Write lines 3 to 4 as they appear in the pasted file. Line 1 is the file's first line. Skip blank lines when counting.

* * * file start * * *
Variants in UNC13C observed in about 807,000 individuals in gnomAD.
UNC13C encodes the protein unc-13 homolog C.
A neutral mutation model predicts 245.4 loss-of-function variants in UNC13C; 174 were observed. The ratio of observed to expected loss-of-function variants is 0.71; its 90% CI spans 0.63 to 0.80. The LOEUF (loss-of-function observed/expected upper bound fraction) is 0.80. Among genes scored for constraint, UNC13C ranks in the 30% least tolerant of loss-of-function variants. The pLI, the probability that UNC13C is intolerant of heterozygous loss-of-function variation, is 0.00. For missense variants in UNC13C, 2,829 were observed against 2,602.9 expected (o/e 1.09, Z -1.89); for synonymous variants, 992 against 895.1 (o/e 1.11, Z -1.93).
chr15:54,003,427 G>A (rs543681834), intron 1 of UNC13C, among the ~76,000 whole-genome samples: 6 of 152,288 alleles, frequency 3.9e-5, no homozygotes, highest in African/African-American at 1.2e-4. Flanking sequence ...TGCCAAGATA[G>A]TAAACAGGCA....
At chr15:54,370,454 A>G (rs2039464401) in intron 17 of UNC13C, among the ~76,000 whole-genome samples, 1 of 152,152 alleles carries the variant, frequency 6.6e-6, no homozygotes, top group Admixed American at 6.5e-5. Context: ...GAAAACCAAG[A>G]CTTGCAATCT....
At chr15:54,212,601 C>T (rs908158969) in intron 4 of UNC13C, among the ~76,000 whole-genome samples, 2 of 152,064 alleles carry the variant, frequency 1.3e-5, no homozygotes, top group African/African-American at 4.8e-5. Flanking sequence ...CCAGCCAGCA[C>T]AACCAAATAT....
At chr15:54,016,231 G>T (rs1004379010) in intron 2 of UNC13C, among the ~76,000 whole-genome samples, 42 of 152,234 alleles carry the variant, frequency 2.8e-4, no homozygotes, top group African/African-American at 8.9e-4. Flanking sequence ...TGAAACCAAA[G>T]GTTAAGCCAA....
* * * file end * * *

A neutral mutation model predicts 245.4 loss-of-function variants in UNC13C; 174 were observed. The ratio of observed to expected loss-of-function variants is 0.71; its 90% CI spans 0.63 to 0.80. The LOEUF (loss-of-function observed/expected upper bound fraction) is 0.80. Among genes scored for constraint, UNC13C ranks in the 30% least tolerant of loss-of-function variants. The pLI, the probability that UNC13C is intolerant of heterozygous loss-of-function variation, is 0.00. For missense variants in UNC13C, 2,829 were observed against 2,602.9 expected (o/e 1.09, Z -1.89); for synonymous variants, 992 against 895.1 (o/e 1.11, Z -1.93).
chr15:54,003,427 G>A (rs543681834), intron 1 of UNC13C, among the ~76,000 whole-genome samples: 6 of 152,288 alleles, frequency 3.9e-5, no homozygotes, highest in African/African-American at 1.2e-4. Flanking sequence ...TGCCAAGATA[G>A]TAAACAGGCA....